HUNTSVILLE, Ala. (Sept. 10, 2015) — From the safety of a 40-foot-long, 8-foot-wide truck-drawn mobile command center parked on a gravel and dirt road, four 20-something technicians sip soft drinks while fixed on their individual computer screens.
Using video game controllers connected to laptop computers, the technicians maneuver heavy forestry equipment up to a mile away. Viewing the terrain, via cameras mounted on the equipment, they safely maneuver around obstacles, as the equipment they control cuts and clears vegetation growing in areas littered with potentially dangerous unexploded ordnance, or UXO.
The U.S. Army Engineering and Support Center here is using this innovative robotic range clearance process on Fort Bragg, North Carolina, before construction can begin on the installation’s new $40 million live-fire aerial range that will soon provide Army rotary wing aircraft aerial bombing and target practice.
Huntsville Center has been a leader in the development of robotics for work at ordnance cleanup sites around the country and at installations worldwide since 2005, and Bob Selfridge, Huntsville Center chief geophysicist and robotics technical lead for the vegetation clearance program, said newly developed second generation robotics equipment is certainly the safest and most economical way to clear the 80-year-old munitions range.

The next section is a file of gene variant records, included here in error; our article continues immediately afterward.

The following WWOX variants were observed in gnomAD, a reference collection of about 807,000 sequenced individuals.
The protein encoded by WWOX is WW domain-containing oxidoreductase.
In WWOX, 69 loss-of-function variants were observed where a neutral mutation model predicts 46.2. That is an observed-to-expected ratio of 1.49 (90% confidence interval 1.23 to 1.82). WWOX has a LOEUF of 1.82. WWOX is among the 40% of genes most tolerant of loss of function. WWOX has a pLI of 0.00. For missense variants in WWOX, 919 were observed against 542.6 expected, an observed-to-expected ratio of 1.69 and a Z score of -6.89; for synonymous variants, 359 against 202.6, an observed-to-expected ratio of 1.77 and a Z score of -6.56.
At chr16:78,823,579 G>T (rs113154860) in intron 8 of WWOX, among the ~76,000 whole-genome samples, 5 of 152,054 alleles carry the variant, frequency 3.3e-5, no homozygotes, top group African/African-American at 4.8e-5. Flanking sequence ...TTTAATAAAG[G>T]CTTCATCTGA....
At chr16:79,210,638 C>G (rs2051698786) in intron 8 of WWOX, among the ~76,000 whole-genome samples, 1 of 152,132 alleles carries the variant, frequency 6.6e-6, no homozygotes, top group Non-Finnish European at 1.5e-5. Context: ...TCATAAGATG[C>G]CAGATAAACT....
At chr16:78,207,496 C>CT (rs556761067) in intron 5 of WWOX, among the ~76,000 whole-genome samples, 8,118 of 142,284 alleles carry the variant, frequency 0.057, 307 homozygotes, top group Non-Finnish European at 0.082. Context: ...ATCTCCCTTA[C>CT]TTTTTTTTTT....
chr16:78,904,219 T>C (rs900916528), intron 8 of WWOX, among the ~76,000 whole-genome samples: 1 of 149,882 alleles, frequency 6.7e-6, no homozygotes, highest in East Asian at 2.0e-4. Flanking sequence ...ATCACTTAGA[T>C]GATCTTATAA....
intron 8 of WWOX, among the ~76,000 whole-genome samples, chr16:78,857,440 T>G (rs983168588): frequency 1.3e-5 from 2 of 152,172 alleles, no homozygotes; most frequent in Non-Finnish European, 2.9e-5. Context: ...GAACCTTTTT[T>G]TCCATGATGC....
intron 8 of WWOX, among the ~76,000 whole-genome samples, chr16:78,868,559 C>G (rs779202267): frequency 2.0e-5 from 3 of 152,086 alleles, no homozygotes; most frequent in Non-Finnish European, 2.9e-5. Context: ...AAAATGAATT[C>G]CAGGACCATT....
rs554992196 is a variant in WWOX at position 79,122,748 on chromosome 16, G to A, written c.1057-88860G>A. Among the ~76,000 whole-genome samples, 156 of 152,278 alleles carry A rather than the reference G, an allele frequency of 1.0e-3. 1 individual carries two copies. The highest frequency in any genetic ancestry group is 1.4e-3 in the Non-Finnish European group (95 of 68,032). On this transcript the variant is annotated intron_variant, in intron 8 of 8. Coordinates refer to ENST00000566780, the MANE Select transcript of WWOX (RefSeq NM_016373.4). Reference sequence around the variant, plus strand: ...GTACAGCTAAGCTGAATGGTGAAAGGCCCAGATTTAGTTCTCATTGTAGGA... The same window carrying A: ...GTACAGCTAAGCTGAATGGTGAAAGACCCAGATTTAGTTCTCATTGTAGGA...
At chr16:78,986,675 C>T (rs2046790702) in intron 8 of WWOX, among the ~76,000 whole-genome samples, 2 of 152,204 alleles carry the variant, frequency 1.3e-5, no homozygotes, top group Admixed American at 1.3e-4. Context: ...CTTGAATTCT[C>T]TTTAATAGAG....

“We’re removing and cutting the vegetation to improve the line-of-site for the pilots and observers who will use the range. Because of the potential risks associated with UXOs in the ground, removing the trees, shrubs and woody vines from the range target areas is a daunting task. Our solution is to utilize remotely operated forestry mulchers, tree shears and feller bunchers to do the job,” Selfridge said.
“We’ve been working closely with the Environmental Chemical Corporation [ECC] team, which includes their three key subcontractors: Applied Research Associates Inc. [ARA], QinetiQ of North America, and Explosive Ordnance Technologies Inc. [EOTI], and the improvements in the reliability and robustness of the newly developed robotic kits have significantly increased ease of use, reduced training time and substantially increased production. The robotic systems we developed are efficiently performing the work at Fort Bragg while reducing risks associated with buried UXOs,” Selfridge said.
Spencer O’Neal, Huntsville Center vegetation clearance project manager for the Fort Bragg project, said there’s certainly a lot of risk associated with personnel driving equipment while clearing the area, and using the robotic equipment to do the job is the sensible thing to do.
“Manual removals methods are dangerous and expensive to implement and armored equipment can only protect the operator from fragmentation, but not the over pressure from larger munitions that could possibly explode during the cleanup operations. Using the second generation remotely controlled heavy equipment to clear the dense vegetation covering the impact area here at this Fort Bragg range has been highly successful and is potentially saving lives,” O’Neal said.
Charles Pregeant, lead engineer of the Huntsville Center team said the equipment used in the line-of-site clearance process is typical state-of-the-art, track-based utility machines used in the timber harvesting industry, and each piece can be leased locally from suppliers at any specific location.